Humble History of the Dishwasher

Humble History of the Dishwasher

Meet the dishwasher. A humble household appliance designed to clean dishes and utensils. You load dirty dishes, utensils, and cookware into the dishwasher. Dispense your detergent to the appropriate compartment drawer. Make sure there is an inflow of water, usually heated, press START, and the detergent is released, the water is pumped and circulated, the temperature rises, the dishes and glasses are rinsed with cold water, the cycle ends, you open it up, and your household chore is complete.

Pretty neat, huh, like a washing machine, for your dishes and kitchenware – fast hygienic, and time-saving. But where did this technology begin and how has it evolved over the years?

History of the Dishwasher

The first dishwasher was invented in America in 1850, and patented by Joel Houghton. This simple wooden machine had a hand-turned wheel that splashed water on dishes, wasn’t much to look at, or use, and to be fair, hardly workable. But it was a start.

Fast-forward slightly to 1865 and we can take a glimpse at the L.A. Alexander patent utilizing a hand crank and gearing system that spans a rack of dishes through the dishwasher. Again, not much of a success, but remember we are still in the Victorian Industrial Revolution era and the dishwasher is often looked at as a somewhat modern kitchen appliance.

Dishwasher History and Features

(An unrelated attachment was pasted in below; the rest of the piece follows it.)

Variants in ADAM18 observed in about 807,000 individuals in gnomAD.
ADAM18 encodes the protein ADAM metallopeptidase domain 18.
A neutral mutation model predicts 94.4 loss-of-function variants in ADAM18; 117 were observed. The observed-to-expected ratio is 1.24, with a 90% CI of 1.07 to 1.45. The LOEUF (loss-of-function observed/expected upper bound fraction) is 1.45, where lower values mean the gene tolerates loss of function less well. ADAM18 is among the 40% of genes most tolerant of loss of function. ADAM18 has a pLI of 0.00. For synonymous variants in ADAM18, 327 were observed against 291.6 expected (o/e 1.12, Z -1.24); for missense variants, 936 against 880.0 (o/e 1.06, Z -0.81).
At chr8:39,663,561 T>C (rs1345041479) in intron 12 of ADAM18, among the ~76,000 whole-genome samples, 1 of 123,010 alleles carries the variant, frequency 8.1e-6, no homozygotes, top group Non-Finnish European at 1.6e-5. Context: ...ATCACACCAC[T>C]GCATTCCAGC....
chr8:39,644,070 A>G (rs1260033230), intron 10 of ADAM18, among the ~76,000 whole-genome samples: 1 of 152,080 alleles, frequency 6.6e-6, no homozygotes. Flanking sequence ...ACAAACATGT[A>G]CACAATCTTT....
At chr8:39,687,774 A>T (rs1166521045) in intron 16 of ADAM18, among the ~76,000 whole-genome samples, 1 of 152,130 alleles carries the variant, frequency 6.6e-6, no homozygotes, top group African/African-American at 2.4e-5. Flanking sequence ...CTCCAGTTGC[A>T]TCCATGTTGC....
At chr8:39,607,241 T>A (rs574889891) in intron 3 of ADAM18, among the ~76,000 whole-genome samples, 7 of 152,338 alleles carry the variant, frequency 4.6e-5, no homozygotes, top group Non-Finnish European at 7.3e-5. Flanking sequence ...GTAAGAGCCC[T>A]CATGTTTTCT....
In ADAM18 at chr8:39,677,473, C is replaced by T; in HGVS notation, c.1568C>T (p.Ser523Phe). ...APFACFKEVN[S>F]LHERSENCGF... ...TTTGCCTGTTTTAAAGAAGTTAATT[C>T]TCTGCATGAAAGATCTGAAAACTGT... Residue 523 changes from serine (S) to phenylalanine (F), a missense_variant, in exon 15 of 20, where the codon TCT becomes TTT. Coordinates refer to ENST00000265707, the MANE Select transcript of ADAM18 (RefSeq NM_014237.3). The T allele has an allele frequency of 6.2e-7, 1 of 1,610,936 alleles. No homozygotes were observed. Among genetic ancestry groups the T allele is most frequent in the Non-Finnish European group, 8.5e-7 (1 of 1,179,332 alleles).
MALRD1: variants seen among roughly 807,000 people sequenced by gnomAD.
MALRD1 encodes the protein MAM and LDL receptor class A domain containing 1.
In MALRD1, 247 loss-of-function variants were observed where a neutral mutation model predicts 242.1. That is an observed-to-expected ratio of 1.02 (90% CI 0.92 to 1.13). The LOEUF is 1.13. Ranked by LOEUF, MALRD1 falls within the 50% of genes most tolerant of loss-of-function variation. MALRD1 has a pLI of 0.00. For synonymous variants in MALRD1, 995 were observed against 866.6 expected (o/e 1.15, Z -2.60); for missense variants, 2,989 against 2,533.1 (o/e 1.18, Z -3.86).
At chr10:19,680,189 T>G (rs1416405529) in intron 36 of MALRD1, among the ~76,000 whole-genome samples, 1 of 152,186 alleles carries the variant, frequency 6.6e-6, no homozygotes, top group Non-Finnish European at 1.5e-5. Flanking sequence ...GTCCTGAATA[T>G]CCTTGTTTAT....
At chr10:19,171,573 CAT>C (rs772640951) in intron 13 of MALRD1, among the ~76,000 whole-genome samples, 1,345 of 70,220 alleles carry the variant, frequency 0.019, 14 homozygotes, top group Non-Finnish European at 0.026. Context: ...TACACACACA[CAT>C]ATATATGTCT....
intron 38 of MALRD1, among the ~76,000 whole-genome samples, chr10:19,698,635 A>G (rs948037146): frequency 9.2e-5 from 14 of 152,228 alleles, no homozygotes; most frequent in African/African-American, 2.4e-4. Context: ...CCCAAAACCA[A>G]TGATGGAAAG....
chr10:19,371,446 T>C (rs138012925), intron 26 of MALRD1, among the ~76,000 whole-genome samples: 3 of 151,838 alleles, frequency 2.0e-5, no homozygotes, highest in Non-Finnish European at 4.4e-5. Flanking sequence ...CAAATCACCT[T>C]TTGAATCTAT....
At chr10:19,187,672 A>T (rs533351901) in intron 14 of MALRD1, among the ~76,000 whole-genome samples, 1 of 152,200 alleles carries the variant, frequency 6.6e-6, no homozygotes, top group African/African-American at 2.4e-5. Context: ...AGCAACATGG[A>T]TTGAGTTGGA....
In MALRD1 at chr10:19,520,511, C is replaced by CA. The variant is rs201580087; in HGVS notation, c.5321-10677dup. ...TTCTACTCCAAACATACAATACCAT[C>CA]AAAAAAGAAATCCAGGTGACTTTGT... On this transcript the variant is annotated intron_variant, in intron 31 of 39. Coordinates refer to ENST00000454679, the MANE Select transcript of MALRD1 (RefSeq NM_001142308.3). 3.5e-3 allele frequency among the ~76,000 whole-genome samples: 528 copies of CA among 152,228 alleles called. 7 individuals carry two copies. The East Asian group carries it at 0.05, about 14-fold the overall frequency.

Dishwasher History and Features

A couple of decades later American inventor Josephine Cochrane invented the first successful hand-powered dishwasher after uttering “if nobody else is going to invent a dishwashing machine, I’ll do it myself.” And that she did. She unveiled the machine at the 1893 World Fair, but the only interested buyers were large restaurant and hotel chains.

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It wasn’t until 1924 that engineer William Howard Livens received confirmation from the patents office for his machine geared more towards domestic use, and it took another twenty-five years until the concept caught on with the general public. The electrification of households in Europe and North America began in the early 20th century in major cities and in areas served by electric railways and increased rapidly until about 1930 when 70% of households were electrified in the U.S. By the 1950s most homes were set up to include an electric dishwasher but it was still seen as a somewhat luxury kitchen appliance.

By the 1970s Several of the main producers that are still around today had their own version of the dishwashers that could now be produced cheaper and built to more compact sizes. Most of the first dishwashers were of the portable tabletop type. Electrolux’s D10 model of 1959 (nicknamed the Round Jar) was so popular it even spawned a knockoff version in East Germany. By the 1990’s it was out of the question not to leave a space for one when designing a new Western kitchen. Dishwashers are now a common appliance, especially in homes with large families leaving housework with one less chore to be undertaken in our hectic modern lifestyles.

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